Political pressure groups and leaders:


International organization participation:

Caricom (associate), CDB, Interpol (subbureau), OECS (associate)

Diplomatic representation in the US:

none (overseas territory of the UK)

Diplomatic representation from the US:

none (overseas territory of the UK)

Flag description:

blue, with the flag of the UK in the upper hoist-side quadrant and the Anguillan coat of arms centered in the outer half of the flag; the coat of arms depicts three orange dolphins in an interlocking circular design on a white background with blue wavy water below

Economy of Anguilla

Anguilla has few natural resources, and the economy depends heavily on luxury tourism, offshore banking, lobster fishing, and remittances from emigrants. Increased activity in the tourism industry, which has spurred the growth of the construction sector, has contributed to economic growth. Anguillan officials have put substantial effort into developing the offshore financial sector, which is small, but growing. In the medium term, prospects for the economy will depend largely on the tourism sector and, therefore, on revived income growth in the industrialized nations as well as on favorable weather conditions.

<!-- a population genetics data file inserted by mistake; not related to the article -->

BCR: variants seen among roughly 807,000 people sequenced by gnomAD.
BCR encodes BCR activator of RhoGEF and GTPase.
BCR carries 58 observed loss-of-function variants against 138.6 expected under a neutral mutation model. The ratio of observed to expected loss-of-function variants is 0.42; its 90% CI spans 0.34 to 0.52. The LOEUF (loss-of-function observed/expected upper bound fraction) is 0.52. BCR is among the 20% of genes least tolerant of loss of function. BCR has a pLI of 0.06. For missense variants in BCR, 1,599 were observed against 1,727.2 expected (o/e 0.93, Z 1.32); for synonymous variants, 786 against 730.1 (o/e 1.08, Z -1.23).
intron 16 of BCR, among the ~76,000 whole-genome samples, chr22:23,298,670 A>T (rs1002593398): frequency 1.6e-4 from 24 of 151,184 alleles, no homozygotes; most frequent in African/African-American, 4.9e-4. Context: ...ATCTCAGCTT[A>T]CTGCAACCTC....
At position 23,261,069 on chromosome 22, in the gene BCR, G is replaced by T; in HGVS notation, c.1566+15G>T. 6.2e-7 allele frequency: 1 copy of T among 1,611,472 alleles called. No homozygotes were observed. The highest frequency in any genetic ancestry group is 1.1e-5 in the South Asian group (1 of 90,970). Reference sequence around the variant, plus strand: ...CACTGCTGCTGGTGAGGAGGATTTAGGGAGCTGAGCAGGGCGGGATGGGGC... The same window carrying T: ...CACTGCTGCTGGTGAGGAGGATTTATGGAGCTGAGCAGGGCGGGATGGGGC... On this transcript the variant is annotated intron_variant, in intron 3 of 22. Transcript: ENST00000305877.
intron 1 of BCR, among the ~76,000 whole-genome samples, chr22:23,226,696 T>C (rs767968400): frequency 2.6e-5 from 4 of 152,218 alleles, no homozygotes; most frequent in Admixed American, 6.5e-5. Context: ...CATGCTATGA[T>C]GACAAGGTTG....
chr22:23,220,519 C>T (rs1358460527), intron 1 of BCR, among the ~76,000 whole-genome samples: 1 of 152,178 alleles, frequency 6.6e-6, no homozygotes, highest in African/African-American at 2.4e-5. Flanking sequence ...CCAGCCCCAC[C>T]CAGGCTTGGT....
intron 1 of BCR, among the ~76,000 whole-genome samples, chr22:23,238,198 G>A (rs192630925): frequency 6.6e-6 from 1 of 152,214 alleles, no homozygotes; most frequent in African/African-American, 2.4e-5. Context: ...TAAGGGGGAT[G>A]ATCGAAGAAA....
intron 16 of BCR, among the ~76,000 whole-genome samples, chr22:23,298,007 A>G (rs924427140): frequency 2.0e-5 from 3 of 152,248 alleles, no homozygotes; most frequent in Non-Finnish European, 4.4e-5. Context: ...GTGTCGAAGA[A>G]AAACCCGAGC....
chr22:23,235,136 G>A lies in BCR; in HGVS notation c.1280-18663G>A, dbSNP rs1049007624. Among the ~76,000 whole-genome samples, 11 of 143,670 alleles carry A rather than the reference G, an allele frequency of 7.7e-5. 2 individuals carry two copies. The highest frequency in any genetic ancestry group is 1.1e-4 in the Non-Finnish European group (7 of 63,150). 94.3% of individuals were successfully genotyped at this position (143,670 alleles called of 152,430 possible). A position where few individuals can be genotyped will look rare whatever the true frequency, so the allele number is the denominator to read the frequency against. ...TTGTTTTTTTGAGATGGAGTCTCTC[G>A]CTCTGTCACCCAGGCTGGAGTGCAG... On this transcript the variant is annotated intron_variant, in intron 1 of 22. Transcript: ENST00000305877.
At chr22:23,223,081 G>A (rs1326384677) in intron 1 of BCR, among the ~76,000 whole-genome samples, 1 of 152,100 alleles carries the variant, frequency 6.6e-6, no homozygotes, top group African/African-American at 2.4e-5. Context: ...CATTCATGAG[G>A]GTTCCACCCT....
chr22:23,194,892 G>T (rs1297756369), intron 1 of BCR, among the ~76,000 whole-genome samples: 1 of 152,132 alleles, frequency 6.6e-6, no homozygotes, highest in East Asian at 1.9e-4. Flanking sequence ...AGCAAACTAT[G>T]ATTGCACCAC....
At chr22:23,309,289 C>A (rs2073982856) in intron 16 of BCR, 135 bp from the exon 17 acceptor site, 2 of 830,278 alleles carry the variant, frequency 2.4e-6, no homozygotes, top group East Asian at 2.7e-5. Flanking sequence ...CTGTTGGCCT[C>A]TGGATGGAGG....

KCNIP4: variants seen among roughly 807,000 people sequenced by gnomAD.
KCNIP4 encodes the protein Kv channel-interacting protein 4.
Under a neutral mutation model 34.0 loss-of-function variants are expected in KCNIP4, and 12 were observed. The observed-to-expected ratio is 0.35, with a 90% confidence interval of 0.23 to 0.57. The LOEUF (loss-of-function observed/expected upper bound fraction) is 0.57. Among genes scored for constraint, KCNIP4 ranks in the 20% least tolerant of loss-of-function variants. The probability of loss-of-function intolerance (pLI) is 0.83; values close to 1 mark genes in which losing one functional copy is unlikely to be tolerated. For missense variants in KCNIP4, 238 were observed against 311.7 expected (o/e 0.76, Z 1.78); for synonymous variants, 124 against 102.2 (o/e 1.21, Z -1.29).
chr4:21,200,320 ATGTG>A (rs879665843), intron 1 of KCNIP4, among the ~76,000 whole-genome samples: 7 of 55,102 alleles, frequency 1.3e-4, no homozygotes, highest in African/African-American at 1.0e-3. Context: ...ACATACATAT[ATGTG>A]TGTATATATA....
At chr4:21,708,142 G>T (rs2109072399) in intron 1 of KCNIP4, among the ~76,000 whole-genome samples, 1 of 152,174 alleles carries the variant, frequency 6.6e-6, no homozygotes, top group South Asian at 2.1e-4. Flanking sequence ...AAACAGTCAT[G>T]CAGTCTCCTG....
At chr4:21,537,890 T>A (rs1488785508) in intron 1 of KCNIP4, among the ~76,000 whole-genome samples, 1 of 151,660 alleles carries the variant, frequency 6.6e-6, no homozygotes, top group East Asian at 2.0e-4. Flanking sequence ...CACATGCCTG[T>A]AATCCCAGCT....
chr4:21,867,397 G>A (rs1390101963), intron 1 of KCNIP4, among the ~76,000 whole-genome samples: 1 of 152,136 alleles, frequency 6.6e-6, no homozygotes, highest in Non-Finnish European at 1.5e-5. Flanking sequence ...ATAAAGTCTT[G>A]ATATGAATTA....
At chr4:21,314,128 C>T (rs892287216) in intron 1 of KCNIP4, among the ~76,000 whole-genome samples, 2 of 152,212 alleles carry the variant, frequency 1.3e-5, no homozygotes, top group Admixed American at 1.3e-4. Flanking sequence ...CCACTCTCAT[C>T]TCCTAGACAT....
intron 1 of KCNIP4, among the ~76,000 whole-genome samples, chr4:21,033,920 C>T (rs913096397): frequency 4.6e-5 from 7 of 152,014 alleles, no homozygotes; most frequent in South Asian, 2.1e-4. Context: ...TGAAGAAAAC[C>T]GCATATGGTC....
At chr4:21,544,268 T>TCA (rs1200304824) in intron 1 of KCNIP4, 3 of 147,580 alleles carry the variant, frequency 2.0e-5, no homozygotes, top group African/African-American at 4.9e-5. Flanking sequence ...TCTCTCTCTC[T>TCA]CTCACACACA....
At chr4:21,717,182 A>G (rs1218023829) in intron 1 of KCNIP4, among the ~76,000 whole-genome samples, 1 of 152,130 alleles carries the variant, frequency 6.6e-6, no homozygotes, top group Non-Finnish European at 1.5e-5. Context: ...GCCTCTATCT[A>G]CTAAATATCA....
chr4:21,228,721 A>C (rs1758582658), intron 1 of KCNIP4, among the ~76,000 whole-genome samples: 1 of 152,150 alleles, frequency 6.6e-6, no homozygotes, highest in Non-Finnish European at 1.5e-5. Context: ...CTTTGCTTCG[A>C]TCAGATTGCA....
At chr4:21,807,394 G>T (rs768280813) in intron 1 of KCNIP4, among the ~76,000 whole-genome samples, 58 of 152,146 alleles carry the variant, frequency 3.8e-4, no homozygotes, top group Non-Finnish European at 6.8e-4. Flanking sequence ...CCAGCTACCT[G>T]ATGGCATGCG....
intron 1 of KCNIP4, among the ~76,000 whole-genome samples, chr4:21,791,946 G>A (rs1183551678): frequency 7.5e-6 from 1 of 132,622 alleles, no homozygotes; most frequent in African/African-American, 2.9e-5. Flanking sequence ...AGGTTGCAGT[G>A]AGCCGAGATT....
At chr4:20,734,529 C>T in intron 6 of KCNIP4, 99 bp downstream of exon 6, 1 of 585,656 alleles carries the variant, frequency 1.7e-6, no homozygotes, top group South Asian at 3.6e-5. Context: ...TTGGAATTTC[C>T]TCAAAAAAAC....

purchasing power parity – $104 million (2001 est.)

GDP – real growth rate:

2.8% (2001 est.)

GDP – per capita:

purchasing power parity – $8,600 (2001 est.)

GDP – composition by sector:

agriculture: 4%

industry: 18%

services: 78% (1997 est.)

Population below poverty line:


Household income or consumption by percentage share: